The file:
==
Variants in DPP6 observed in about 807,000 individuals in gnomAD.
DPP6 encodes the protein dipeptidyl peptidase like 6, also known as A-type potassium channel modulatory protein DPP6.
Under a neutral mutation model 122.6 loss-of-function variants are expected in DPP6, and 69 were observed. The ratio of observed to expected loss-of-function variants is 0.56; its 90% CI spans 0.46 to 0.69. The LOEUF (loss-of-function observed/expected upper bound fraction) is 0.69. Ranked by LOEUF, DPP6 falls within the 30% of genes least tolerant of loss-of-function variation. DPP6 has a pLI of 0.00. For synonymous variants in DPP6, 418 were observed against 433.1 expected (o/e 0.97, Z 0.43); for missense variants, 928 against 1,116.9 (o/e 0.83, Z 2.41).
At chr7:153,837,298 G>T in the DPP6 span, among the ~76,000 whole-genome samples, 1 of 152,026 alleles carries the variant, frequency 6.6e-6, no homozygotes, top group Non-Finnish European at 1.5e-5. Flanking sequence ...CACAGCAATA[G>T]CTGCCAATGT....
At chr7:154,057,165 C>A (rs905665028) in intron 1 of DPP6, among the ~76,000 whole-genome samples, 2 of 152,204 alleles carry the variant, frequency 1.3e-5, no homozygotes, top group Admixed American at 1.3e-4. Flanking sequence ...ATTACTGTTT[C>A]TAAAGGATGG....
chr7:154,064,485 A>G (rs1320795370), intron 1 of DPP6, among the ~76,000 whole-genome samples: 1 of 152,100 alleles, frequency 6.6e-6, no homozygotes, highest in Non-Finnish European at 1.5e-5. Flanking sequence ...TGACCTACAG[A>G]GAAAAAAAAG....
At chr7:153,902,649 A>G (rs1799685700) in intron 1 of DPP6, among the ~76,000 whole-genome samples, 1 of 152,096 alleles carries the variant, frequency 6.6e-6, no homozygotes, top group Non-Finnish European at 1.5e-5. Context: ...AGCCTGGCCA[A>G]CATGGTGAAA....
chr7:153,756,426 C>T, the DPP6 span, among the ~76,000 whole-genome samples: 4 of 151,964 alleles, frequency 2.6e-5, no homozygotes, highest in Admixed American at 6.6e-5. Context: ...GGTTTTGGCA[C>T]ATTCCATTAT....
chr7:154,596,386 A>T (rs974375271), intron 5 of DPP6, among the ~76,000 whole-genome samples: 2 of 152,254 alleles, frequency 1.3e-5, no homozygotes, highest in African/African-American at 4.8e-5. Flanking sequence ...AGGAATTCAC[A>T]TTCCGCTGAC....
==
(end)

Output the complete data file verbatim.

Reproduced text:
Variants in DPP6 observed in about 807,000 individuals in gnomAD.
DPP6 encodes the protein dipeptidyl peptidase like 6, also known as A-type potassium channel modulatory protein DPP6.
Under a neutral mutation model 122.6 loss-of-function variants are expected in DPP6, and 69 were observed. The ratio of observed to expected loss-of-function variants is 0.56; its 90% CI spans 0.46 to 0.69. The LOEUF (loss-of-function observed/expected upper bound fraction) is 0.69. Ranked by LOEUF, DPP6 falls within the 30% of genes least tolerant of loss-of-function variation. DPP6 has a pLI of 0.00. For synonymous variants in DPP6, 418 were observed against 433.1 expected (o/e 0.97, Z 0.43); for missense variants, 928 against 1,116.9 (o/e 0.83, Z 2.41).
At chr7:153,837,298 G>T in the DPP6 span, among the ~76,000 whole-genome samples, 1 of 152,026 alleles carries the variant, frequency 6.6e-6, no homozygotes, top group Non-Finnish European at 1.5e-5. Flanking sequence ...CACAGCAATA[G>T]CTGCCAATGT....
At chr7:154,057,165 C>A (rs905665028) in intron 1 of DPP6, among the ~76,000 whole-genome samples, 2 of 152,204 alleles carry the variant, frequency 1.3e-5, no homozygotes, top group Admixed American at 1.3e-4. Flanking sequence ...ATTACTGTTT[C>A]TAAAGGATGG....
chr7:154,064,485 A>G (rs1320795370), intron 1 of DPP6, among the ~76,000 whole-genome samples: 1 of 152,100 alleles, frequency 6.6e-6, no homozygotes, highest in Non-Finnish European at 1.5e-5. Flanking sequence ...TGACCTACAG[A>G]GAAAAAAAAG....
At chr7:153,902,649 A>G (rs1799685700) in intron 1 of DPP6, among the ~76,000 whole-genome samples, 1 of 152,096 alleles carries the variant, frequency 6.6e-6, no homozygotes, top group Non-Finnish European at 1.5e-5. Context: ...AGCCTGGCCA[A>G]CATGGTGAAA....
chr7:153,756,426 C>T, the DPP6 span, among the ~76,000 whole-genome samples: 4 of 151,964 alleles, frequency 2.6e-5, no homozygotes, highest in Admixed American at 6.6e-5. Context: ...GGTTTTGGCA[C>T]ATTCCATTAT....
chr7:154,596,386 A>T (rs974375271), intron 5 of DPP6, among the ~76,000 whole-genome samples: 2 of 152,254 alleles, frequency 1.3e-5, no homozygotes, highest in African/African-American at 4.8e-5. Flanking sequence ...AGGAATTCAC[A>T]TTCCGCTGAC....